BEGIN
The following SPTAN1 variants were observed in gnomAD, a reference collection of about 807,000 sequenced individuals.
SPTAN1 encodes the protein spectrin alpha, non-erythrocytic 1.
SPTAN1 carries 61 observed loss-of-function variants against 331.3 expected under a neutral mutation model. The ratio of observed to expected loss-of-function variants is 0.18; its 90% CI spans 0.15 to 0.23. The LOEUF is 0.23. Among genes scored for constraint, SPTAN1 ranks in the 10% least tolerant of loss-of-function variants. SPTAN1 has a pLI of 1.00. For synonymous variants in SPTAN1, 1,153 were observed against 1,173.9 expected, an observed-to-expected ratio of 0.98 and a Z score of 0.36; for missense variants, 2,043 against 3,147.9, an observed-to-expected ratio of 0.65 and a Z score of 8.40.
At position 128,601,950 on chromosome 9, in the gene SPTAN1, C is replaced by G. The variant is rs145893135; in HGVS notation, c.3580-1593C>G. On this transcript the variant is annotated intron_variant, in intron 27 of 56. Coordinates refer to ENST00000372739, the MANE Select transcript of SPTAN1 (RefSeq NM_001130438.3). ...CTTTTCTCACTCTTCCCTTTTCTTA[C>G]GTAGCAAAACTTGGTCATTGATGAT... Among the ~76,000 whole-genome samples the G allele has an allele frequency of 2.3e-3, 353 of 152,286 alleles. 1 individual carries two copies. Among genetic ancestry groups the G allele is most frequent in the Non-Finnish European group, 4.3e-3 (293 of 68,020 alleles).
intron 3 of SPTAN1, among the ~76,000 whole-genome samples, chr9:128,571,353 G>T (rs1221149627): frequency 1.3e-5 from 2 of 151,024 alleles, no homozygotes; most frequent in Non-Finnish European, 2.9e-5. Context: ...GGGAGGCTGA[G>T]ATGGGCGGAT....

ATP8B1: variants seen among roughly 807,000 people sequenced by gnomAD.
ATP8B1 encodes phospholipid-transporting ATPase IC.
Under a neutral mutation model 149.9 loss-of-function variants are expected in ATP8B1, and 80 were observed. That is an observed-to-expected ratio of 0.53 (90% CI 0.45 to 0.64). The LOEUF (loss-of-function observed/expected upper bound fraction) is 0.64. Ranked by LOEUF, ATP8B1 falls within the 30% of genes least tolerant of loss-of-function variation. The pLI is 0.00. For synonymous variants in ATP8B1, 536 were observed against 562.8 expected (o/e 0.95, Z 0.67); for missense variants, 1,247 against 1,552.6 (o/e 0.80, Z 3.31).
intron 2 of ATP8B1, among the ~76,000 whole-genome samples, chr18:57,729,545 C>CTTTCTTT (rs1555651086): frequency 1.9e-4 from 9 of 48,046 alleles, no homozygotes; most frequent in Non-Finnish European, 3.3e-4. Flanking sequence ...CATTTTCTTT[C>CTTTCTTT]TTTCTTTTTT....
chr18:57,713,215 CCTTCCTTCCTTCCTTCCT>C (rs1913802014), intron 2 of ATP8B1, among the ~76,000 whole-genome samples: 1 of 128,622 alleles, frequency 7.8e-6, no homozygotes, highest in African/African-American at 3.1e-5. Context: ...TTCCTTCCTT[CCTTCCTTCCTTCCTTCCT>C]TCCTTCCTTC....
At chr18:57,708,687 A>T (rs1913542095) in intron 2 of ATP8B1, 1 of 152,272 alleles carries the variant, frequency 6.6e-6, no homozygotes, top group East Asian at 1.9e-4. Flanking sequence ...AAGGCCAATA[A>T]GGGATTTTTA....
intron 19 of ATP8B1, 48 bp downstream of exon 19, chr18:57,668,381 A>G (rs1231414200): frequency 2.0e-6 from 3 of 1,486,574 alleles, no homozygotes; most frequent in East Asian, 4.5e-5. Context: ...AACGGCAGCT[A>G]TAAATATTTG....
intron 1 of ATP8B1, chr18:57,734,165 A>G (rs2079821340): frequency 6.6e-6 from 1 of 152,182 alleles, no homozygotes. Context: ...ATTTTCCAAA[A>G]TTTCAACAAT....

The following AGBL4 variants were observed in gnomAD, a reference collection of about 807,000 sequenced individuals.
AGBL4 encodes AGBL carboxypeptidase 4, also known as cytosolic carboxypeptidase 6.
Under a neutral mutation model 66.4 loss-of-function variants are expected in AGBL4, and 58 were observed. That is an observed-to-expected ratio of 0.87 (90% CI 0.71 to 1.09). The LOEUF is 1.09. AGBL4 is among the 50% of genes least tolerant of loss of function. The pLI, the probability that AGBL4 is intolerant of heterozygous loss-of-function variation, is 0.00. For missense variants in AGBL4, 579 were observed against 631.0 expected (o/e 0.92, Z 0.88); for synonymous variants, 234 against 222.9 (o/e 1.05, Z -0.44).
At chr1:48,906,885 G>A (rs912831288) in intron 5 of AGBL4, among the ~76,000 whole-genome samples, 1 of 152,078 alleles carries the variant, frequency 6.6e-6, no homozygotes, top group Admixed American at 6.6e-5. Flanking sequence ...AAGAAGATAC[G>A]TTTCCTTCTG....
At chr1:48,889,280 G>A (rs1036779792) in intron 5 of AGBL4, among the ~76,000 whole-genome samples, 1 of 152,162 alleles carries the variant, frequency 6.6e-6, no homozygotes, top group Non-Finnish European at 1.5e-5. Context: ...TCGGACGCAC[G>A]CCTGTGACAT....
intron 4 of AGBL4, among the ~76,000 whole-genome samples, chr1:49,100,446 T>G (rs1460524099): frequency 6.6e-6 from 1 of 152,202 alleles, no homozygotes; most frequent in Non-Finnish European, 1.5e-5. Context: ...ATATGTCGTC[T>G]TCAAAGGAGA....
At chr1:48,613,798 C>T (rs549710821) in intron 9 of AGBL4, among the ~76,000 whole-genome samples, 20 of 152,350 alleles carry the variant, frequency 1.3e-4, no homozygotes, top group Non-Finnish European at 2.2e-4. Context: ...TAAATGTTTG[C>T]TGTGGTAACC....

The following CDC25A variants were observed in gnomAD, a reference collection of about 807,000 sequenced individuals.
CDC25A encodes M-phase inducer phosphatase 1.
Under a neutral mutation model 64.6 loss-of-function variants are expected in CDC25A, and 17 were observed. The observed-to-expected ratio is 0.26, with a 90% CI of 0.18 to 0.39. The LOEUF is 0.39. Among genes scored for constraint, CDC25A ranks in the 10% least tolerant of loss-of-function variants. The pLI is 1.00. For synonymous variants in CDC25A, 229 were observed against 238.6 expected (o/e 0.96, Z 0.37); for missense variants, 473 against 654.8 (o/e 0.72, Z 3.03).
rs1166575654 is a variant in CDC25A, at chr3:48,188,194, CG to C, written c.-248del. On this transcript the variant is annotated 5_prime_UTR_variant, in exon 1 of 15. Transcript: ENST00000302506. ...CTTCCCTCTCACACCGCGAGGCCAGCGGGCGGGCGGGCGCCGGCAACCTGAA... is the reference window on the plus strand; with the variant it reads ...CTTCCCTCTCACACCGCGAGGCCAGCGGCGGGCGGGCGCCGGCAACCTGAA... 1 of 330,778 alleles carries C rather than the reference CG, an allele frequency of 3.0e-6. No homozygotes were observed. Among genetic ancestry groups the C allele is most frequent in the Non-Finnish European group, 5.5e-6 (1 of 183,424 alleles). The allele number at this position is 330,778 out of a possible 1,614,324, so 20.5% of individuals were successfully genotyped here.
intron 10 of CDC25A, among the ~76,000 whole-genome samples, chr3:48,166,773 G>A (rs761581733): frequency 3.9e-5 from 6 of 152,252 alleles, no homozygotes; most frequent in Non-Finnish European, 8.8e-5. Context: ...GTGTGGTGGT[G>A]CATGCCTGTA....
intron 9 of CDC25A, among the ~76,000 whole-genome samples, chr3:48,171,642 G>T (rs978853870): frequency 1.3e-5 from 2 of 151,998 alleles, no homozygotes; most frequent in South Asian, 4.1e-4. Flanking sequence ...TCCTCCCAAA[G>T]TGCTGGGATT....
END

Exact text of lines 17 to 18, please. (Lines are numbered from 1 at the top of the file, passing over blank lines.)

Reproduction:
At chr1:48,906,885 G>A (rs912831288) in intron 5 of AGBL4, among the ~76,000 whole-genome samples, 1 of 152,078 alleles carries the variant, frequency 6.6e-6, no homozygotes, top group Admixed American at 6.6e-5. Flanking sequence ...AAGAAGATAC[G>A]TTTCCTTCTG....
At chr1:48,889,280 G>A (rs1036779792) in intron 5 of AGBL4, among the ~76,000 whole-genome samples, 1 of 152,162 alleles carries the variant, frequency 6.6e-6, no homozygotes, top group Non-Finnish European at 1.5e-5. Context: ...TCGGACGCAC[G>A]CCTGTGACAT....